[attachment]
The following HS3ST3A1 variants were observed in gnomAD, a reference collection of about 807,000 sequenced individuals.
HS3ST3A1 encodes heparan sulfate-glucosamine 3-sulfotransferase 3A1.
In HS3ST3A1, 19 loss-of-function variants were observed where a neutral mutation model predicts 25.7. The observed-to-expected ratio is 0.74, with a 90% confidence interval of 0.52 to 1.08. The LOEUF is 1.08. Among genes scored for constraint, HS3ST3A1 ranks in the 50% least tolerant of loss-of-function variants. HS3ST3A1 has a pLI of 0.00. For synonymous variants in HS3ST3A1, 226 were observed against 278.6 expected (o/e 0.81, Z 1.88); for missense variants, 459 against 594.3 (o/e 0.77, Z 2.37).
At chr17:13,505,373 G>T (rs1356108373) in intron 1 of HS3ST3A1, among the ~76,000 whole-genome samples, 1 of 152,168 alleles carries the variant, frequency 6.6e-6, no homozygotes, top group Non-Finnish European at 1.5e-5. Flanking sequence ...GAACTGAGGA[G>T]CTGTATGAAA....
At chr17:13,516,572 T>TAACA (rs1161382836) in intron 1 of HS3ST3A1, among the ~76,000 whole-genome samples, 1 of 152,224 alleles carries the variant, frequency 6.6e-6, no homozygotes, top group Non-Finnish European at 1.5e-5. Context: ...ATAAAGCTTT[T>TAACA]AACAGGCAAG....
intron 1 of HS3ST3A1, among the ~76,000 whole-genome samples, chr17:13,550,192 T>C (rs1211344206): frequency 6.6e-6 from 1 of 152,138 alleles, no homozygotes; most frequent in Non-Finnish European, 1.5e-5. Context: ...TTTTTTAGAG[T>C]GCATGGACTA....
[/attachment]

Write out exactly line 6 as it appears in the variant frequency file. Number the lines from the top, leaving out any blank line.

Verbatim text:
intron 1 of HS3ST3A1, among the ~76,000 whole-genome samples, chr17:13,550,192 T>C (rs1211344206): frequency 6.6e-6 from 1 of 152,138 alleles, no homozygotes; most frequent in Non-Finnish European, 1.5e-5. Context: ...TTTTTTAGAG[T>C]GCATGGACTA....